The Post Review: The Anvil Breaks The Hammer

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The Post 20th Century Fox

On April 6, 1971, Archer Blood sent back to Washington, from the belly of The Bangladesh Liberation War: “Our government has failed to denounce the suppression of democracy. Our government has failed to denounce atrocities. Our government has failed to take forceful measures to protect its citizens, while at the same time bending over backwards to placate the West Pakistan dominated government. Our government has evidenced what many consider to be moral bankruptcy.”

These words were a modest but integral excerpt from the Blood Telegram, and portray so acutely the spirit and urgency that defined American journalism. This spirit promptly cemented a fierce and loyal camaraderie between the press and their first amendment rights, forged in defiance of the executive branch of the US government.

Spielberg’s latest epic, The Post, boasts a passionate understanding of American Journalism defined by an infamously uneasy war, but the film ultimately undermines its own relevance by revelling too clumsily in sentimentality. It’s a fine picture. Hanks and Streep are as good as you’d expect them to be, but barring a few slick turns of phrase and a handful of inspired visual moments, my suggestion that you see The Post owes much of itself to the misfortune of the time of which it was released.

Hubris, the ghost of the Kennedy administration and as Nixon himself charitably characterized it: “pure political containment,” claimed the lives of 58,220 American soldiers in the Vietnam War. The Post’s message regarding the importance of a free press, especially in the face of a would-be warlord, is handled about as well as The Teapot Dome Scandal, but it’s worth imbibing nonetheless. I’m not miffed by the film’s mediocrity nor am I annoyed by the handsome bevy of accolades it has managed to procure from the media. I am, however, disappointed by the film’s decision to handle such salient themes so slovenly. The score doesn’t trust you to comprehend a meaningful moment when it arrives, so it eagerly swells at the sight of every victory, effectively subverting any sense of impact. The more pressing sin is that it makes what is already an impossibly compelling account toothless and arid. A cover-up that spanned multiple Presidents and implemented iconic figures like Noam Chomsky, Henry Kissinger, and the Supreme Court, was dismantled by the efforts of a relatively small band of rogue officials and obstinate journalists. Together, they survived a pogrom affected by Nixon and became instrumental in putting an end to a causeless war. Yet there I was, slouched in the theatre, checking my watch before the third act and texting a friend of mine to inquire after a pair of gloves I lent him a few days prior.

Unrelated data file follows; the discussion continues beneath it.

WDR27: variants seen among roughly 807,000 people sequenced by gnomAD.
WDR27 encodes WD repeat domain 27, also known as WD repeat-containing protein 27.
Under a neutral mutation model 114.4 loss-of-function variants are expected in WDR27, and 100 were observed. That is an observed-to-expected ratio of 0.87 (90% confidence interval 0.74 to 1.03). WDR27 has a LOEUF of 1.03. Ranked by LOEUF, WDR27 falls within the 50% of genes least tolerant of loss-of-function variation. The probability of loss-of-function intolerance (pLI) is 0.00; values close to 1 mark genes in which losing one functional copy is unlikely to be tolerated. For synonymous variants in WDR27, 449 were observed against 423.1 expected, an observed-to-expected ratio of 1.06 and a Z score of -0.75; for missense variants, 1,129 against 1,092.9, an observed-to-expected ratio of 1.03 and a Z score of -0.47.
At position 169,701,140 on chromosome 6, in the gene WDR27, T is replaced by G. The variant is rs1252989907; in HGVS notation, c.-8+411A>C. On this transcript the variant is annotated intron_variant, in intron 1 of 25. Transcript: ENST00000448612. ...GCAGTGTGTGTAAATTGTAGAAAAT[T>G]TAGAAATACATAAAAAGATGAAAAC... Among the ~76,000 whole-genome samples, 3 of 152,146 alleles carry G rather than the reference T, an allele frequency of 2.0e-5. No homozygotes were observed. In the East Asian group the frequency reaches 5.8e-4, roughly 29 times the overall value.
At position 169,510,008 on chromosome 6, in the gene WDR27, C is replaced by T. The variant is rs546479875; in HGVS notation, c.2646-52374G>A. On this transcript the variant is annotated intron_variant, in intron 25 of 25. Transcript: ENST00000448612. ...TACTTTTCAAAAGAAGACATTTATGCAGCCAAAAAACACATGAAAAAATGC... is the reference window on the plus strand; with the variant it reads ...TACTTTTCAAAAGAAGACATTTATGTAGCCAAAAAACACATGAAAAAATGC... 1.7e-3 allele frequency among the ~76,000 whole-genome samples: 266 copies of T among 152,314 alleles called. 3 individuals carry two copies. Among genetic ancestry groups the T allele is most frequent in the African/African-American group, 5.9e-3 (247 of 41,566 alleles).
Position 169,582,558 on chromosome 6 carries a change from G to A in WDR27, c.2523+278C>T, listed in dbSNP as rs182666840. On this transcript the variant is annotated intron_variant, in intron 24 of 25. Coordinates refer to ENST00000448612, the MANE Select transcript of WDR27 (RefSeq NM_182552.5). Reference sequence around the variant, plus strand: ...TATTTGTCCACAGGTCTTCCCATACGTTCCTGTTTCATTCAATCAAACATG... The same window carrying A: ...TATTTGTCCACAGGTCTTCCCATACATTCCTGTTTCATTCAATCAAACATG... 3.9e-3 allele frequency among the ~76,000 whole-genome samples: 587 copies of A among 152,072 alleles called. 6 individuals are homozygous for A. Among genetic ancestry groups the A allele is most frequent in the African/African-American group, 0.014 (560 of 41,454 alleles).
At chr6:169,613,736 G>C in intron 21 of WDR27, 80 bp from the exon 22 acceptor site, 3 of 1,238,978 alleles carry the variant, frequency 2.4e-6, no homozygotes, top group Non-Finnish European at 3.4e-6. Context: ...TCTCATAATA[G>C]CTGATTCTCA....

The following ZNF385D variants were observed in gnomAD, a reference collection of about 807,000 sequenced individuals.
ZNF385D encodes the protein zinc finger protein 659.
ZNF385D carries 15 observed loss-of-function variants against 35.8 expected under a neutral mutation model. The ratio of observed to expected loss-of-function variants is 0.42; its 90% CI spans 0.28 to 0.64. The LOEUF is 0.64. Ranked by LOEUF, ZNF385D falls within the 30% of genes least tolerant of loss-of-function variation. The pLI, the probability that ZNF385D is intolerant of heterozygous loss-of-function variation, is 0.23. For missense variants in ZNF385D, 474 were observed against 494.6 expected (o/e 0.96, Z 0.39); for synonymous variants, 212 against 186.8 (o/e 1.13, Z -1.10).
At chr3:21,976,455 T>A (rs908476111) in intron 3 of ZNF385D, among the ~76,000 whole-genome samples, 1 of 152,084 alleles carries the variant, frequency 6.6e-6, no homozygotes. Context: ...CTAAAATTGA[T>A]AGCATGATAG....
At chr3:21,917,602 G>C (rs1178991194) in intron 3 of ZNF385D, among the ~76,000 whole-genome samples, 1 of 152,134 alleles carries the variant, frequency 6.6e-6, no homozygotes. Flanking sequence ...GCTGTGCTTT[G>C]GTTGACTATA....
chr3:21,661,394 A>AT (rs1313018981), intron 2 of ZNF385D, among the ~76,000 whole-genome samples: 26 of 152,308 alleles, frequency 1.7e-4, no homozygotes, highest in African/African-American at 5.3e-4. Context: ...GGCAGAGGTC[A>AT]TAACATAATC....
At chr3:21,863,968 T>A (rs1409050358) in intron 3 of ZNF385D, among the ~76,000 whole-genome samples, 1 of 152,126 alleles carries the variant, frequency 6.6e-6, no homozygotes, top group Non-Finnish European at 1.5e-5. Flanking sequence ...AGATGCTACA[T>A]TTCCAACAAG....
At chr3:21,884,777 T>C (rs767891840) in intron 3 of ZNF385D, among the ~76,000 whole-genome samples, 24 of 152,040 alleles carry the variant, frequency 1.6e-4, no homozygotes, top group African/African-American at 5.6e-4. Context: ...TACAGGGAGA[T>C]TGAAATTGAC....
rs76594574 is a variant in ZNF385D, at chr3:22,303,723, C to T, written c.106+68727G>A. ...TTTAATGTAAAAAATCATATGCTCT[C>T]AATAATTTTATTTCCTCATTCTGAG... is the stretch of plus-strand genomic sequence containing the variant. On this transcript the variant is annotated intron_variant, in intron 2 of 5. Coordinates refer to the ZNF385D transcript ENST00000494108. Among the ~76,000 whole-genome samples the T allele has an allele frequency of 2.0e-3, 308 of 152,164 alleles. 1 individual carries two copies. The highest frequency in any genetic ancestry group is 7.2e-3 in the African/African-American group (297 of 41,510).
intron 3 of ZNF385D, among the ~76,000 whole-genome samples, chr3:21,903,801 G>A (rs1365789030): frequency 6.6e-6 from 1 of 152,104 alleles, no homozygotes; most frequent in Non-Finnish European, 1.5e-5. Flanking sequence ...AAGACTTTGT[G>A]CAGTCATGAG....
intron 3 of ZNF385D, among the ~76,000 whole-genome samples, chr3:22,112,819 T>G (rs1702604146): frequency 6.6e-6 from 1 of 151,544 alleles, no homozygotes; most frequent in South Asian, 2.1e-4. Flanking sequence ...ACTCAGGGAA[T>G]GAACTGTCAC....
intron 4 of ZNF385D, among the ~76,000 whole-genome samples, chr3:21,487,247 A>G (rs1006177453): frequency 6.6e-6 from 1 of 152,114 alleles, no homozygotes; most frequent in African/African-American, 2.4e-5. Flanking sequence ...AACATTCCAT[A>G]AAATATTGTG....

The Post addresses the parallels between Nixon and our current commander in chief in a gratefully sober manner. Here’s the point, presented plainly: The votaries of journalistic integrity—men and women like Carl Bernstein, Gloria Emerson and Daniel Ellsberg—understood an administration that abuses executive power to silence and compromise scrutiny to be a toxic omen for all civil liberties. That’s how it begins. Complicate our ability and willingness to trust any and all media that censures policy, and Nuernberg is reborn.

The writers also highlight the plight of publisher Katharine Graham, Promethean figure in her own right and the author of the memoir, Personal History, which you should absolutely read. Again, Streep is just fine in the role, but the gravity of Graham’s part in one of the most incendiary scandals in American history is reduced to a half-baked arc and an awkward allusion to the gender revolution kindling during the events of the Pentagon Papers. This is the kind of film that welcomes soapbox rhetoric, especially as it pertains to matters so contemporary. Unfortunately, vagaries and pseudo-inspiring monologues rob the film of what could have been several powerful cinematic moments.  

There’s a lot to mine here if you come in already somewhat informed. Any contempt I feel for this otherwise harmless picture is aroused by the potential it squandered. The Pentagon Papers not only fathered a print rebellion in 1971, it also fathered a generation of young polemicists hungry to devour the false stipulations that kept millions of Americans in the dark. Perhaps there was a tiny, albeit artless, part of me that hoped maybe The Post might manage something like that—a tinder of inquisition and honesty that awakens a kind of determined ire from its audience. Alas, it was just another movie. Not a terrible one, but one that dropped the ball considerably.

It’s a thing we all understand intellectually, but seem to forget in practice: good-honest writers are invaluable to maintaining democracy. Gloria Emerson on the subject once said something echoed by many of her peers: “I didn’t write to be famous, I wrote to keep a record.” Voices, undeterred by tyranny, legislation and, in the unfortunate case of the American journalist Daniel Pearl, the pain of death, in their pursuit to ensure totalitarianism is kept at bay, manned down by the virtues of courage and cogency.  

 

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